Mary Wilson, Diane Ross, Florence Ballard, and Barbara Martin grew up in the poverty stricken Brewster Housing Projects of Detroit. But they were primed for success, — “made ready or prepared from the first,” thanks to the Latin prime, “first” which also helped make them into the Primettes, sister group of the Primes.
The Primes went on to become the Temptations. Mary left to get married, Diane became Diana, and with the other two created the Supremes, from the Latin super, placing them head and shoulders above the rest.
Their supreme accomplishment came in October of 1966 when they became the first female vocal group to top the LP charts. Anybody remember LPs?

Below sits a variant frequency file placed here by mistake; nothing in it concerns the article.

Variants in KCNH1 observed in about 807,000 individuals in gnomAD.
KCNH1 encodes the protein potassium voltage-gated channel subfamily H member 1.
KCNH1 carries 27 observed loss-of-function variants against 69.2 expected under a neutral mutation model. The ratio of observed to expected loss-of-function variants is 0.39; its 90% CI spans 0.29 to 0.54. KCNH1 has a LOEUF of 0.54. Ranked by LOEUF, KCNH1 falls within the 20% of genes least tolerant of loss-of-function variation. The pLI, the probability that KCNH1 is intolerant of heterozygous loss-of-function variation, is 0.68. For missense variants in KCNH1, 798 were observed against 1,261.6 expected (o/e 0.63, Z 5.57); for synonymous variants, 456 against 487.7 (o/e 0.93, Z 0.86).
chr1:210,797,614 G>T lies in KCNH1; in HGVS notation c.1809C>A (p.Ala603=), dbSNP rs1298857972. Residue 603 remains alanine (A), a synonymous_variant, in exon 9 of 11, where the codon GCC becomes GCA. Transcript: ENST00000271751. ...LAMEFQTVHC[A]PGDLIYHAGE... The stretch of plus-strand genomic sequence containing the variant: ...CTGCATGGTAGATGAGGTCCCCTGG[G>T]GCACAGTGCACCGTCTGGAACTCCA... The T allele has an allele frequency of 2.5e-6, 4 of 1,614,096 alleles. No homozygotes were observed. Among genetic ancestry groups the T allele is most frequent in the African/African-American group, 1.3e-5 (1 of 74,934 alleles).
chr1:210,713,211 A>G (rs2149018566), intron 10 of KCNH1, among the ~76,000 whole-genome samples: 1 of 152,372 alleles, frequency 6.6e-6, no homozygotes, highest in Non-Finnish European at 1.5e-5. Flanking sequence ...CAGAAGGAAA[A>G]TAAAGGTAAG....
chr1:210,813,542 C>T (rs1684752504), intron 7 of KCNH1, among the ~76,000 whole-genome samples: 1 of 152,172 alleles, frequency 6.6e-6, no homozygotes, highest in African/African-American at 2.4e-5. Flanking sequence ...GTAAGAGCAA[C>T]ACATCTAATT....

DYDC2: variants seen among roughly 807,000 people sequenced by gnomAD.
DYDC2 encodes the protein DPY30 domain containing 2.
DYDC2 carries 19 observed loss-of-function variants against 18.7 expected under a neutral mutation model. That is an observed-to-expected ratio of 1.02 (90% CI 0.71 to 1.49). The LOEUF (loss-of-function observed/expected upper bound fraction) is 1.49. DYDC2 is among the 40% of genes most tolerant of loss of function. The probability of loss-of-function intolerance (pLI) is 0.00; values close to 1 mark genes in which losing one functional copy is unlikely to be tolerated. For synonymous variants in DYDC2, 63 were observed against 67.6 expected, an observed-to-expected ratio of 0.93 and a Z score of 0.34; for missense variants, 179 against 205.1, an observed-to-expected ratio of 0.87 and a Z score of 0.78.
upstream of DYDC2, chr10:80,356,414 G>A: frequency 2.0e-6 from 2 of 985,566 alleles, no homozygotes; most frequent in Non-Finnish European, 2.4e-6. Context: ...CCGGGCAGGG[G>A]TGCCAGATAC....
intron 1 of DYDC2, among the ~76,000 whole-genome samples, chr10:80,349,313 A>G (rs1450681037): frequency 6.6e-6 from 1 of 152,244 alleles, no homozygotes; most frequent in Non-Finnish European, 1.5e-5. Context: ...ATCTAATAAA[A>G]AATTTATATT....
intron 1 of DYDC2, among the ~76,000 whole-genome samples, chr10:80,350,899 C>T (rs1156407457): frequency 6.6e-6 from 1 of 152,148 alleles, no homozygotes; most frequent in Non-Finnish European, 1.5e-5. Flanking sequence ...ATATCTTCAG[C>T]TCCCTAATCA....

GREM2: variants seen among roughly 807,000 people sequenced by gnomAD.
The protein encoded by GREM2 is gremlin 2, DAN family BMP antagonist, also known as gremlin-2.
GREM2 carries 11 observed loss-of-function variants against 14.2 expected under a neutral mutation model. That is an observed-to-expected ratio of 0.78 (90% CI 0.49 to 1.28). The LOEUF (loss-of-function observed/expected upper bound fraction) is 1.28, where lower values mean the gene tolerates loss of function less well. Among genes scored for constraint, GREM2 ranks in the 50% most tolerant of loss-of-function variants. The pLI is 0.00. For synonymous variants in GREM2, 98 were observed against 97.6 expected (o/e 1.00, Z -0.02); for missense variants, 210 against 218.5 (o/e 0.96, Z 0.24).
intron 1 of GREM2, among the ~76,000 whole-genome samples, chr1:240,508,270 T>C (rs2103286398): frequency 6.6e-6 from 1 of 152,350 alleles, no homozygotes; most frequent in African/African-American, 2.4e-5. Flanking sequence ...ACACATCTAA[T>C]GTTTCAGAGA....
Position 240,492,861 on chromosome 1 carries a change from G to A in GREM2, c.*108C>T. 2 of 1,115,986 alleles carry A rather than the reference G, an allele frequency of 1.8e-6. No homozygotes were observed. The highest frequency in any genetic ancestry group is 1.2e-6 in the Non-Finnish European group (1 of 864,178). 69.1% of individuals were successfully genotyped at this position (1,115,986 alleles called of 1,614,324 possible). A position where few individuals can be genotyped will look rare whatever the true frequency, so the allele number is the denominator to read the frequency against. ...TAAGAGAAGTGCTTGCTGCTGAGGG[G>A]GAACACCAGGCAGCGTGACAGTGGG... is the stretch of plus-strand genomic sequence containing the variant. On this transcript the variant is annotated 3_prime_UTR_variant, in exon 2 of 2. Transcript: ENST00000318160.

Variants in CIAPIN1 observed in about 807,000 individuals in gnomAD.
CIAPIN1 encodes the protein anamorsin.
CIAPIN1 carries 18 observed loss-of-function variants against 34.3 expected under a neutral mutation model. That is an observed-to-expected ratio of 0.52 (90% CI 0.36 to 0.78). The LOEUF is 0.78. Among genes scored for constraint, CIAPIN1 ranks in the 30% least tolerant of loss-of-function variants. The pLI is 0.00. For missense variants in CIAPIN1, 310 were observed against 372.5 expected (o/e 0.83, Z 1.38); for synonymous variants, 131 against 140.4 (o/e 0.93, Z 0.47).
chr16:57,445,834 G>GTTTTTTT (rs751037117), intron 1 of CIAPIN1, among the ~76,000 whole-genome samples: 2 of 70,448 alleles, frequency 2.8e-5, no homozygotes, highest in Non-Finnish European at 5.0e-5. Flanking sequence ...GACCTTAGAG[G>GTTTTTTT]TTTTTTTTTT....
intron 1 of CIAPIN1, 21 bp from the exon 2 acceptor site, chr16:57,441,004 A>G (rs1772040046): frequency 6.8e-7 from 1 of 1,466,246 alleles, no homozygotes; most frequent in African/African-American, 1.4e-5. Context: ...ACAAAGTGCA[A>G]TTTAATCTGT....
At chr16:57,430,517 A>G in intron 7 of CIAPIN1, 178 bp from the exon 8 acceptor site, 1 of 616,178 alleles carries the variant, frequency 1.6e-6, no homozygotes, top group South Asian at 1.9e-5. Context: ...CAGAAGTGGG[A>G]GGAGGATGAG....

The Supremes was a tough act to follow, “a performance so outstanding, no one could hope to meet or exceed it” — a standard set in the early days of vaudeville, when the best act was traditionally saved for last. The Supremes were the best, la crème de la crème — a French expression from the mid 19th century, long before our tastes became homogeneous both in milk and the arts, the cream long since having been skimmed off both.
Oh for the days when they reigned Sup.